It’s no secret that the boss of SF4 is practically a Marvel character in a game full of Alpha characters. He has literally everything a combo fanatic could want. DaDoppen aka Doopliss takes a big step toward unlocking Seth’s combo potential with this enjoyable video.
Be sure to check it out, because there’s some weird and interesting stuff in there. You’ll see everything from wall jump combos, to teleport combos, to promising setups such as the one at 1:01. He’s even got Seth’s ultra pushing Dan backwards into an LP Sonic Boom at 1:25, causing the ultra to register only one hit. Very strange.
Let’s start with a brief history lesson. Back in the day, uninformed players would call certain tactics cheap and this would lead to unsavory behavior which got in everyone’s way. People would literally get beaten up outside of arcades for using throws in Street Fighter II. To deal with this ridiculous problem, the players who ran SRK developed and publicized a philosophy of “playing to win.” This was an important step for everyone to take in order to get past their self-imposed stumbling blocks.
Fast forward to today, and the fighting game tournament scene is the strongest it’s ever been. There’s no longer a stigma associated with infamously dominant tactics and “cheap” is no longer a dirty word. All of this is great but we might have gone a little bit too far.
We’re beginning to see a subtle misconception developing – that playing to win is the best way to become a better player. On the contrary, the original argument only held that playing to win is the best way to determine who’s the better player. Sometimes playing to win can lead to bad habits, lazy shortcuts, and poor fundamentals.
See, back in the day, we had people praising themselves for combo skill or mastery of a bottom tier character; finding subjective rationalizations to consider themselves “the better player” while losing to someone “abusing cheap tricks” or whatever. Of course this is foolish because how can you consider yourself successful for achieving a subjective goal when your opponent doesn’t even know what it is? The only definitive way to determine the winner is by playing a match and seeing who ends up with the victory symbol. That’s the only clear goal which both players unquestionably share, so it’s the only properly defended prize.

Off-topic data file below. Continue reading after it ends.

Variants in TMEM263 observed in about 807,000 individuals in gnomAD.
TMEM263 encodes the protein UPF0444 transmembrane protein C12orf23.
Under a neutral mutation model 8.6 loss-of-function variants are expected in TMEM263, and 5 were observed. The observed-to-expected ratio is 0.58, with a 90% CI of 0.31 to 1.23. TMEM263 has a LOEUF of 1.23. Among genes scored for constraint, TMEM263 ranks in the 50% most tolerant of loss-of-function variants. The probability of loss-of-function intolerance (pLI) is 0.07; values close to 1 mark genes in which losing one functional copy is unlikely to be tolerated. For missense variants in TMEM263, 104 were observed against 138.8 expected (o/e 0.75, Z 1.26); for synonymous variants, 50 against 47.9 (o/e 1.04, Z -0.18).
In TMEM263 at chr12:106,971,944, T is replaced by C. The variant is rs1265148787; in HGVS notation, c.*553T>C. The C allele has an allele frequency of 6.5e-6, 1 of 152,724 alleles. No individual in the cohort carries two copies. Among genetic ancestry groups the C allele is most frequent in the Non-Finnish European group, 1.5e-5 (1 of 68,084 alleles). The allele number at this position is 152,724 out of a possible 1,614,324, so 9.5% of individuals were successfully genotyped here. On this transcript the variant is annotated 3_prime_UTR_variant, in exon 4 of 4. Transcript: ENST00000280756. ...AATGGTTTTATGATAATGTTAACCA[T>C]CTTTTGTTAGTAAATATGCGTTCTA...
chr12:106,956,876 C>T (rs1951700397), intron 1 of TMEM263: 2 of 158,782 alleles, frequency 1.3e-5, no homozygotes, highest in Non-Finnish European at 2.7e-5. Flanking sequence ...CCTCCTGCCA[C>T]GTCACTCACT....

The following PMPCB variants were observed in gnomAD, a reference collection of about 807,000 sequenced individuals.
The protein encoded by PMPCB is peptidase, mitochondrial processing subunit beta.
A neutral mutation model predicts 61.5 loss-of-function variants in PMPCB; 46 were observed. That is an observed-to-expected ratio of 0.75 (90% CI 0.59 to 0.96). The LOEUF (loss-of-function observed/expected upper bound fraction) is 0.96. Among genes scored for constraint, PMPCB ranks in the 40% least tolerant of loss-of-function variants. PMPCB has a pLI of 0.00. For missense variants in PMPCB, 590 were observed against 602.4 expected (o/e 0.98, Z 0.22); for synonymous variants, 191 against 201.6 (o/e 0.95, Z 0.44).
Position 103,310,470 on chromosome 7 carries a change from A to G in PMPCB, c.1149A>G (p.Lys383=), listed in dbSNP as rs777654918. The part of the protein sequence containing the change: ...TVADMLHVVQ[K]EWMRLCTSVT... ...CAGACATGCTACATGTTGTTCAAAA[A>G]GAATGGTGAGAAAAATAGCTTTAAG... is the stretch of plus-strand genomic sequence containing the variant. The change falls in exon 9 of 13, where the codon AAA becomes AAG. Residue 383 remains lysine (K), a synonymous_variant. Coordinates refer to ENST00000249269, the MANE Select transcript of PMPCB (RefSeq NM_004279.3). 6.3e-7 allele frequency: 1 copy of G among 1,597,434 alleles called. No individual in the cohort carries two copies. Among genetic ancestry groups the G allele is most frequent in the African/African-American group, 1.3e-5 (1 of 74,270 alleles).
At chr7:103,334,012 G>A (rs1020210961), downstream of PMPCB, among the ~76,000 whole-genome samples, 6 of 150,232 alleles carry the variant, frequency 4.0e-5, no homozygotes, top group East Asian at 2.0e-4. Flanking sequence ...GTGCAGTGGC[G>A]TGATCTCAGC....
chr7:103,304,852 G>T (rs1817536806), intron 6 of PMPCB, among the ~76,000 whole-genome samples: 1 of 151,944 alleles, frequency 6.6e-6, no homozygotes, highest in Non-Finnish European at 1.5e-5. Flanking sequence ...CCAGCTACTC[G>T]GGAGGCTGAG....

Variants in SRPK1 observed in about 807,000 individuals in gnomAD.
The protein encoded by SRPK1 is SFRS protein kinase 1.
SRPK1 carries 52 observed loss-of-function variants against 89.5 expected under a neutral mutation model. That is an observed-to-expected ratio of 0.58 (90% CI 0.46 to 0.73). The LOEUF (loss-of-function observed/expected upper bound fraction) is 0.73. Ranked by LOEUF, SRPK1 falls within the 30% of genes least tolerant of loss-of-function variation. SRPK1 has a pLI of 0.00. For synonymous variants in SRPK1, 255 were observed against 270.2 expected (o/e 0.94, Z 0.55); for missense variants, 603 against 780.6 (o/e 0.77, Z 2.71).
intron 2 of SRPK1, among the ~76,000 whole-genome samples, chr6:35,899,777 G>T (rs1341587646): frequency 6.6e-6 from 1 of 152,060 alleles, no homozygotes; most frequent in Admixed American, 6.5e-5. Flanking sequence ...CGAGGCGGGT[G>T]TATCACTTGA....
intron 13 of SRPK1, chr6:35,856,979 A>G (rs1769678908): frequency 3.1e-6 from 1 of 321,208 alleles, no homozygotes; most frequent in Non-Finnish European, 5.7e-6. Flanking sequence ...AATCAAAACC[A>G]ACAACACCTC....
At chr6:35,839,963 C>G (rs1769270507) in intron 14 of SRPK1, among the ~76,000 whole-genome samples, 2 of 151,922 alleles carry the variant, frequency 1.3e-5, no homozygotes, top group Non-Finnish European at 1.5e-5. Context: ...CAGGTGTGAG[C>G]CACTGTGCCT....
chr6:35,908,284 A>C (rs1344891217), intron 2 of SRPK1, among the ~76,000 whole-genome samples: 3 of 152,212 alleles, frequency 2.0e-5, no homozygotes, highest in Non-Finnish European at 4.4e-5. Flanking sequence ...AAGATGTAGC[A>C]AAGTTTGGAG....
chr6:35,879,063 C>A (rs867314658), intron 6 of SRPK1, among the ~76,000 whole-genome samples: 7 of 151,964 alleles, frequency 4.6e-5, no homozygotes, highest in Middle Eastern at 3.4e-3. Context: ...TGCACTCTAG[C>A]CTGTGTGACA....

Ken’s dual challenge is a little bit different in that neither combo involves damage goals.
Ken’s Hadoken and Shoryuken specials both have lengthy recovery periods.
Challenge: Perform four or more Hadokens in one Ken combo, and another containing four or more Shoryukens.
Rule #1: Start the opponent with 100% vitality and 0 stun.
Rule #2: Obey gauge limits. (Set S.C. Gauge to Refill but use only 4 stocks. If you plan on building enough meter to use 5 or more bars, set S.C. Gauge to Normal or Max Start so that we can verify your method. Keep in mind that super meter charges slower during combos.)
Believe it or not, i’ve had this screenshot laying around for a while – slated for today all along. It’s the last remaining piece of the original batch. Total coincidence that Cody was announced for SSF4 this week (along with Guy, Adon, and possibly Ibuki).
SFA3 A-M.Bison’s Alpha Counter is triggered by V-Cody’s HP Criminal Upper.
Whoever comes up with the best title wins an unworn XL-size official Evo 2004 shirt. As always, the rules are one entry per person and i’ll choose my favorite on Monday.
Having investigated SF4 a little further, it’s apparent that the entire combo engine is based on a list of special properties arbitrarily assigned to various moves. In order to predict exactly what will combo into what, we need to put together a comprehensive chart of these traits by testing every attack.
Here’s an incomplete list of specialized attack properties i’ve encountered while experimenting primarily with Ryu, Zangief, El Fuerte, and Ken:
– always creates a juggle state against a grounded opponent
– always creates a juggle state against an airborne opponent
– only creates a juggle state against a non-reeling airborne opponent
– only creates a juggle state against a reeling airborne opponent
– resets the juggle counter without creating a juggle state
– possesses an inherent juggle potential of __ (some integer)
– knocks down on counterhit
– always renders opponents invincible
– renders grounded opponents invincible
– renders airborne opponents invincible
When an opponent gets knocked down through conventional means, they can only be juggled by an attack with a juggle potential of one or greater. After they’ve been juggled once, they can only be juggled by an attack with juggle potential of two or greater, and so on. Generally whenever an attack creates a juggle state, it also resets the juggle counter.
For example, the first hit of Ken’s MP Shoryuken has no inherent juggle potential and knocks down on counterhit. The second hit possesses an inherent juggle potential of one.
The first hit of Ken’s HP Shoryuken only creates a juggle state against a non-reeling airborne opponent, knocks down on counterhit which satisfies the airborne condition for creating a juggle state, and has no inherent juggle potential. The second hit only creates a juggle state against a reeling airborne opponent and has no inherent juggle potential. The third hit has a juggle potential of one.